Hungry for new Denver locations, a local sandwich chain is gobbling up a long-vacant South Broadway building.
Snarf’s is taking over the former Sinclair gas station at the corner of South Broadway and Florida Avenue with plans to open a new sandwich shop by the end of 2016. Snarf’s likes the building for its character and Broadway location, said Doug Besant, Snarf’s director of operations.
“Jimmy loves these old buildings and South Broadway is going crazy,” Besant said, referring to founder Jimmy Seidel. “As long as the square footage is close to what we’re looking for, it’s really neat to go into these older buildings.”
Denver city records show the 2,500-square-foot shack Snarf’s will occupy is at least 57 years old.
Snarf’s will bring its full menu of sandwiches and sides to the Broadway location. The Denver-based chain also will add beers on tap, canned beers and wine to the menu. It will be the second Snarf’s with a liquor license, Besant said, after the Evans Avenue location near DU.
“We’re not building a bar, but we want to be able to offer a beer or a glass of wine with a Snarf’s sandwich,” he said. “It’s never going to be a big part of the business, but if you come down because you can have a beer with your sandwich, over time that does incrementally help our business.”
Axio Commercial Real Estate broker John Livaditis marketed the property on behalf of the Calkins family, which owns the Bradley Petroleum business that previously operated the gas station.
Livaditis said plenty of people are familiar with the building, but they probably know it less for filling up than they do for sitting empty.
“It’s been vacant for three decades,” he said.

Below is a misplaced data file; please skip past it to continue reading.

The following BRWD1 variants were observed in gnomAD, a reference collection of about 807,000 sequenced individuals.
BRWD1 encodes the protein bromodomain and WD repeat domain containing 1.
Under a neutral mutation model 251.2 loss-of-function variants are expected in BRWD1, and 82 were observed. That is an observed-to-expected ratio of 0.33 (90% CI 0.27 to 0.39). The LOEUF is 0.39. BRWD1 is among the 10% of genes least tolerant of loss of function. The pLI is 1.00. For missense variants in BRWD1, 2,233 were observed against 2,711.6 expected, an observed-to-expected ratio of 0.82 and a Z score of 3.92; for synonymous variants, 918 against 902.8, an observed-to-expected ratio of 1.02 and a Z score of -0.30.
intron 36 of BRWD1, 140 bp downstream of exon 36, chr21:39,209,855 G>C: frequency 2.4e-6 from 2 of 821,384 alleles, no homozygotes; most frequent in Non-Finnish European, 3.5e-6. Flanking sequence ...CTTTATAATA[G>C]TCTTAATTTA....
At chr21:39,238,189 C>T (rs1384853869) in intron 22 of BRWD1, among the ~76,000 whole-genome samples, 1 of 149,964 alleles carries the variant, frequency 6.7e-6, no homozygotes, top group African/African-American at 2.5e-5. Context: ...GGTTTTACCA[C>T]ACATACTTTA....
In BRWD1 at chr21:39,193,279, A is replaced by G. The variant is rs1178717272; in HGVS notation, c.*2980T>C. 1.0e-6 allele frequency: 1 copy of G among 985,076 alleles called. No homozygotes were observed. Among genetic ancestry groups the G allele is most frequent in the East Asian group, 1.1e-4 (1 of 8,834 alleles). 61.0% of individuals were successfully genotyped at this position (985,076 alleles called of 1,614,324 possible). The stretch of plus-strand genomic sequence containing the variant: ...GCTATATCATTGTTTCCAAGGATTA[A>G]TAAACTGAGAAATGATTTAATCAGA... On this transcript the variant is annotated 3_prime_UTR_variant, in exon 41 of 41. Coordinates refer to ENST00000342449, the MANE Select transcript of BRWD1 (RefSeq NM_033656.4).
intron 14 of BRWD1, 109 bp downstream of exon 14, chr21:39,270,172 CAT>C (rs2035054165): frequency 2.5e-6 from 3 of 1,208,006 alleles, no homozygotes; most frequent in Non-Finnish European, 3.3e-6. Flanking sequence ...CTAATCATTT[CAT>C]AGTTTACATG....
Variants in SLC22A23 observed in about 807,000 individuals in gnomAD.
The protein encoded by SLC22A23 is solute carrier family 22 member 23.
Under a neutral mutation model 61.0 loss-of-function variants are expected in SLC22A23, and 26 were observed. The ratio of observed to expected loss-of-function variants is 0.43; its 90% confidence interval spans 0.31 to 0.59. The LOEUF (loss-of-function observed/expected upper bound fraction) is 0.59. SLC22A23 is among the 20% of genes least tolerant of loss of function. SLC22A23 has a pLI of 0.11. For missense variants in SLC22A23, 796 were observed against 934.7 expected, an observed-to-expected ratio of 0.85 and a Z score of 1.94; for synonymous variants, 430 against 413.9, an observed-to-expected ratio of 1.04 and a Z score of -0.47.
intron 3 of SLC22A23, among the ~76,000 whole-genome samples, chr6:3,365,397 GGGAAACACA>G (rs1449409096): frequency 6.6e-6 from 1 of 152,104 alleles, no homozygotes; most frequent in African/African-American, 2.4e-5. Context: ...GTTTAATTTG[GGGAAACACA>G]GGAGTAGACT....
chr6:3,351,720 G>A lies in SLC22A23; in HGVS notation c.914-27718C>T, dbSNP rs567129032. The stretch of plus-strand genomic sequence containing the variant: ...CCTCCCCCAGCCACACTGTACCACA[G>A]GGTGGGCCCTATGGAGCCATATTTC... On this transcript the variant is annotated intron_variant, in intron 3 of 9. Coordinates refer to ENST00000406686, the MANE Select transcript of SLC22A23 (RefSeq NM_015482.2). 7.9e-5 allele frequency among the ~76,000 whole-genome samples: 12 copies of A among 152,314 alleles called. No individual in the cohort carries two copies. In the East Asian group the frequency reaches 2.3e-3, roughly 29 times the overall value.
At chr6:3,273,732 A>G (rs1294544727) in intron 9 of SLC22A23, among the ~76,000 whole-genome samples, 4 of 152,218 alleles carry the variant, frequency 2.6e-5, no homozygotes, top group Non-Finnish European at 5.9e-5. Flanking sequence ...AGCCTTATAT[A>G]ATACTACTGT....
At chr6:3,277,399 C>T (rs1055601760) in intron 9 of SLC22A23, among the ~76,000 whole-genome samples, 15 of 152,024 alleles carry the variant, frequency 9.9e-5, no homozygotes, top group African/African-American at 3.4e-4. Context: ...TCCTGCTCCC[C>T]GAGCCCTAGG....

Livaditis tried to pitch a development plan once before, but it didn’t stick.
He tried again six months ago and hashed out a redevelopment plan with Bradley Petroleum head Buzz Calkins. The for-lease sign went up and the property hit the market two months later, Livaditis said.
Local, regional and national suitors had a look at the building – a few of them with first-to-market concepts in mind, Livaditis said.
“It’s tucked right into a good neighborhood and had parking and some unique architecture,” Livaditis said. “A lot of people who might not have thought about being in that section of Broadway were attracted by the building.”
Todd Snyder of Shames Makovsky represented Snarf’s in the deal. Livaditis said Snarf’s won the day in part for how aggressively the sandwich shop chased the deal.
Architect Shaun Minné is designing the South Broadway Snarf’s. Besant said they’re still taking bids on general contractors.
The South Broadway Snarf’s will be the 14th Colorado location for the sandwich shop, Besant said. Snarf’s also has locations in Chicago, St. Louis and Austin, Texas.
Besant said they’re aiming to have about 50 stores across the country five years from now, but for the moment, Snarf’s is putting its time and energy into opening more locations in Colorado.
“Chicago and Austin are emerging markets. We have to build a brand identity there and it just takes time,” Besant said. “We’ve been here for 20 years and we don’t have to do a huge marketing effort to open another one. From day one a lot of people know about us.”
In addition to adding South Broadway, Snarf’s is upgrading its Capitol Hill location at 11th Avenue and Ogden Street. There, Snarf’s is expanding into a next-door storefront and adding a burger and fries spinoff – Snarfburger. Besant said they’re looking into adding beer and wine to the Cap Hill shop as well.
Besant said Snarf’s also could use another location near downtown. He added that Snarf’s doesn’t a have a lease on the site yet, but they’re currently eyeing a former Heidi’s Brooklyn Deli near 17th Street and Glenarm Place.
He also said the company could use locations south of Denver, specifically naming Highlands Ranch and the Denver Tech Center. For now, Besant added, Boulder is probably built out on Snarf’s.
He didn’t rule out finding another building like the South Broadway spot somewhere else in town.
“Jimmy does this more by instinct than by science,” Besant said. “And he’s been right almost every time.”